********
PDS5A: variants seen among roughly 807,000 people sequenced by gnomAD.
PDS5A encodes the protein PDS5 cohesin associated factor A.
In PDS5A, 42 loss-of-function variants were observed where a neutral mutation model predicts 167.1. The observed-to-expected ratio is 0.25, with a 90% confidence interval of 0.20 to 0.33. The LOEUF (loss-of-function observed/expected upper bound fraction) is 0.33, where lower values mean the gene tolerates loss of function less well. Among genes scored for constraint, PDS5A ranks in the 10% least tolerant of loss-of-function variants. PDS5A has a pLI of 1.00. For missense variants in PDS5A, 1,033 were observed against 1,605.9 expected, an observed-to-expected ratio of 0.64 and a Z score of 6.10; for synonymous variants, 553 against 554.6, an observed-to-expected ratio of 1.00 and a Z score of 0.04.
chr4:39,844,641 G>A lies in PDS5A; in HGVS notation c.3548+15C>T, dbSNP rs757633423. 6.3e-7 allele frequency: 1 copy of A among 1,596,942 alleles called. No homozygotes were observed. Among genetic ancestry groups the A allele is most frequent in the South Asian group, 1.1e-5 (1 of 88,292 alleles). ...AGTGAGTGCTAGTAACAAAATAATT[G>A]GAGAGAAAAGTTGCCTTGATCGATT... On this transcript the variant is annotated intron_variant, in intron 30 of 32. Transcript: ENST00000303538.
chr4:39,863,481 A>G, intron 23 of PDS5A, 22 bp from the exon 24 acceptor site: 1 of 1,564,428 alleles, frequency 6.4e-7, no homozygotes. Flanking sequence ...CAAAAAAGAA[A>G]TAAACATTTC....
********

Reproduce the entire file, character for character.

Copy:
PDS5A: variants seen among roughly 807,000 people sequenced by gnomAD.
PDS5A encodes the protein PDS5 cohesin associated factor A.
In PDS5A, 42 loss-of-function variants were observed where a neutral mutation model predicts 167.1. The observed-to-expected ratio is 0.25, with a 90% confidence interval of 0.20 to 0.33. The LOEUF (loss-of-function observed/expected upper bound fraction) is 0.33, where lower values mean the gene tolerates loss of function less well. Among genes scored for constraint, PDS5A ranks in the 10% least tolerant of loss-of-function variants. PDS5A has a pLI of 1.00. For missense variants in PDS5A, 1,033 were observed against 1,605.9 expected, an observed-to-expected ratio of 0.64 and a Z score of 6.10; for synonymous variants, 553 against 554.6, an observed-to-expected ratio of 1.00 and a Z score of 0.04.
chr4:39,844,641 G>A lies in PDS5A; in HGVS notation c.3548+15C>T, dbSNP rs757633423. 6.3e-7 allele frequency: 1 copy of A among 1,596,942 alleles called. No homozygotes were observed. Among genetic ancestry groups the A allele is most frequent in the South Asian group, 1.1e-5 (1 of 88,292 alleles). ...AGTGAGTGCTAGTAACAAAATAATT[G>A]GAGAGAAAAGTTGCCTTGATCGATT... On this transcript the variant is annotated intron_variant, in intron 30 of 32. Transcript: ENST00000303538.
chr4:39,863,481 A>G, intron 23 of PDS5A, 22 bp from the exon 24 acceptor site: 1 of 1,564,428 alleles, frequency 6.4e-7, no homozygotes. Flanking sequence ...CAAAAAAGAA[A>G]TAAACATTTC....